Community Research and Development Information Service - CORDIS


CESSA — Result In Brief

Project ID: 44383
Funded under: FP6-POLICIES
Country: France

Creating common energy policies across Europe

A sustainable and secure energy supply is important for Europe’s economy, industry and society. An EU-funded initiative addressed the issue of an integrated energy management strategy in Europe.
Creating common energy policies across Europe
Growing electricity needs, large increases in fossil fuel prices and the drive to reduce greenhouse gas emissions have pushed research into alternative energy sources. Natural gas, nuclear power and hydrogen are among the most popular energy alternatives that are being considered by European countries. As a result, it is of paramount importance to devise an integrated strategy regarding the production and supply of these energy sources.

To address these issues, a large consortium of energy stakeholders was formed under the the ‘Coordinating energy security of supply actions’ (CESSA) project. The main aim was to examine the security of supply of natural gas, nuclear power and hydrogen production. Among the project’s objectives was to analyse the financing and investment mechanisms in the energy field and assess the policies and legislative aspects concerning energy production at a regional and international level.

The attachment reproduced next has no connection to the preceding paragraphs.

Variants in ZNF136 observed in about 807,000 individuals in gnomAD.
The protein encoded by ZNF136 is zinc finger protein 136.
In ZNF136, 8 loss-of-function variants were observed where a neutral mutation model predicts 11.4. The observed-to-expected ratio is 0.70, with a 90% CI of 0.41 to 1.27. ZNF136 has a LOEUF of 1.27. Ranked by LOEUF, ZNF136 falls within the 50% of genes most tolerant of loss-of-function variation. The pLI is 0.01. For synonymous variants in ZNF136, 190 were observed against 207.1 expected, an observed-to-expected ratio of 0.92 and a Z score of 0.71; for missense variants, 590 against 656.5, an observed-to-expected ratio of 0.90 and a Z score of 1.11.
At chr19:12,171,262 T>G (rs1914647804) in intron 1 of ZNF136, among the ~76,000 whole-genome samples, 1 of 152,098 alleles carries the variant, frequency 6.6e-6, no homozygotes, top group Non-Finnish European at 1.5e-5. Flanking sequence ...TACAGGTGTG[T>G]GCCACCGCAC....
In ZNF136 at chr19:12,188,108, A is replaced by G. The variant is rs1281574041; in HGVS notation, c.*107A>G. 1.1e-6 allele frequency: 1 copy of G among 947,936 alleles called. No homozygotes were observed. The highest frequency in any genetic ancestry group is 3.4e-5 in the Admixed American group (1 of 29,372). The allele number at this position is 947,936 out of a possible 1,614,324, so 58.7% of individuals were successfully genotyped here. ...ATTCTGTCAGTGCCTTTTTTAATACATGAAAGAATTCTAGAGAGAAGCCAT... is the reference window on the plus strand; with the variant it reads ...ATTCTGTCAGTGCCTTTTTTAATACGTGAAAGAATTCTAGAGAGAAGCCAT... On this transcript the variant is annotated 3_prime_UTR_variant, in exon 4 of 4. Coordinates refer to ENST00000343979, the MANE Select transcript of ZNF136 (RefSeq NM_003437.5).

The growth of the EU over the years has divided the opinion on nuclear energy. However, the CESSA project pinpointed that although the anti-nuclear front may be decreasing, it was not accompanied by research support on next generation nuclear energy systems. Therefore it was suggested that for Europe to be actively involved in nuclear energy generation, concerted efforts were required for addressing security, environmental and economic issues.

Hydrogen production can be achieved from fossil fuel by water electrolysis, requiring however significant reduction costs and improvements in efficiency in order to become an economically viable option. Alternatively, hydrogen production could be provided through nuclear energy provided safety and environmental impact issues are met for nuclear plants. The CESSA consortium advised that increased research and development in the field of hydrogen production were necessary in order to exploit novel hydrogen technologies as future energy systems.

Overall, the CESSA consortium, after reviewing the current energy state, proposed coordinated policies and cooperative actions in energy production and supply across Europe. Project conclusions are expected to contribute to a financially feasible, environmentally friendly energy policy across Europe.

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